After you read the following passage, the practice questions will ask you to identify the main theme, and also point out which sentence best expresses this idea.
Reading PassageQuestions 1 and 2 are based on the following information. Read the passage and answer each question based on information stated or implied in the passage.
The following passage is an excerpt from Introverts For Dummies, by Joan Pastor, PhD (Wiley).
Fifty percent of gifted kids are introverts. And three-quarters of "supergifted" kids — children with IQs above 160 — are innies.
(1) You'd think these brilliant kids would flourish in school, but frequently, they don't. Instead, they may spend hours bored to tears as their teachers go over material they already know. They may also get into trouble for ignoring classroom assignments and pursuing their own interests instead. Worse yet, these children's remarkable talents often go undeveloped.
That's why smart parents often seek better options for them. If you think your introverted child is gifted, ask for a professional evaluation by a psychologist. If testing confirms your opinion, ask your school what services it offers for gifted children. (2) Some schools have excellent programs for very bright children, while others fall far short.
If your child's current school can't fully meet her needs, explore other options. (3) Some communities have magnet schools specifically designed for gifted children. Your child may also enjoy a math, science, or arts camp during the summer. And museums, nature centers, and recreation centers frequently offer programs that will excite your innie.
Additionally, consider supplementing your child's education with online courses on her favorite topics. Often, these courses allow students to learn at their own pace, so instead of twiddling her thumbs while she waits for her classmates to catch up, your child can go full steam ahead. The Khan Academy (www.khanacademy.org) and other free online educational sites can also be great resources.
If your child is far more advanced than other kids her age, (4) her school may suggest moving her up an extra grade. But be aware that gifted innies who are way ahead of the pack intellectually may still need to be around same-age peers to learn social skills. So if this option comes up, consider your child's overall social and intellectual development and ask yourself if she's truly ready to study — and play — with older children.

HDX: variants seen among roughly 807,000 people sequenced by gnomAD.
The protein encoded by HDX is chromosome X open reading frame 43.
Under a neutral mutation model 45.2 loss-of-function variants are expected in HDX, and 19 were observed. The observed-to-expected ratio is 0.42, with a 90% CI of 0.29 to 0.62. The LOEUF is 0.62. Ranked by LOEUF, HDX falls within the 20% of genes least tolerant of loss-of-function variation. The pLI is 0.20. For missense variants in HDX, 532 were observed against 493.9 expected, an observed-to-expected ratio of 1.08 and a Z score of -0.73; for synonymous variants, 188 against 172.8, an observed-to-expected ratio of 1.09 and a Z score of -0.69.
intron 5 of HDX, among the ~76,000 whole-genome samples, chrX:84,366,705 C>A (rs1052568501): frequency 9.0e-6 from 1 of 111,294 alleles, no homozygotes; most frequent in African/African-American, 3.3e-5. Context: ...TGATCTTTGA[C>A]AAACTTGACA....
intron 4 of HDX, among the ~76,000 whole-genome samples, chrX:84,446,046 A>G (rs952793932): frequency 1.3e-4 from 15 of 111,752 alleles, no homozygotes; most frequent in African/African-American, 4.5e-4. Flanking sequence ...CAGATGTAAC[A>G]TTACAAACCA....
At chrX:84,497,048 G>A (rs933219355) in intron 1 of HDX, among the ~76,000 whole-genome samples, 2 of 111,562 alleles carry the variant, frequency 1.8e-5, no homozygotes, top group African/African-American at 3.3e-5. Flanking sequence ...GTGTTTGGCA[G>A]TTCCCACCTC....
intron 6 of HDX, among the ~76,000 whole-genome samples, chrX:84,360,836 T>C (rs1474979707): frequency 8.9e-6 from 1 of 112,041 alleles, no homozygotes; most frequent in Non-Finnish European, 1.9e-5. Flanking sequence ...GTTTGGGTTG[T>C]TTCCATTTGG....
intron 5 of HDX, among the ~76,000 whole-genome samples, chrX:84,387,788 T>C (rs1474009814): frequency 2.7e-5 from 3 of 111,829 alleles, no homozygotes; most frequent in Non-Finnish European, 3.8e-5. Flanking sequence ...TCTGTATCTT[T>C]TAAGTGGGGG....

Another issue to keep in mind is that the higher a child's IQ is, the greater the chances are that the child will also have a learning disability. If your child is gifted but still struggles in some areas, make sure you explore this possibility.
- The main theme that Pastor describes in the passage is that gifted, introverted children A. could excel in the academic setting provided by almost any school B. should avoid online distractions from true academic discourse C. could benefit from advancing an extra grade to be with peers at their intellectual level D. could perform extremely well in the right academic setting
- Which choice provides the best evidence for the answer to the preceding question? A. Sentence 1 ("You'd think . . . they don't.") B. Sentence 2 ("Some schools . . . fall far short.") C. Sentence 3 ("Some communities . . . children.") D. Sentence 4 ("her school . . . grade.")
Answers and explanations
- The correct answer is Choice (D). The passage recommends seeking schools that have programs for gifted children. Choice (A) is wrong because some schools fall short. Choice (B) is wrong because the passage recommends Khan Academy. Choice (C) is wrong because the passage recommends children stay with their own age group and avoid advancing a grade unless they're emotionally ready.
- The correct answer is Choice (C). You're looking for a sentence that supports the idea that gifted children could perform extremely well in the right academic setting. The correct answer tells you that some schools are specifically designed for gifted children.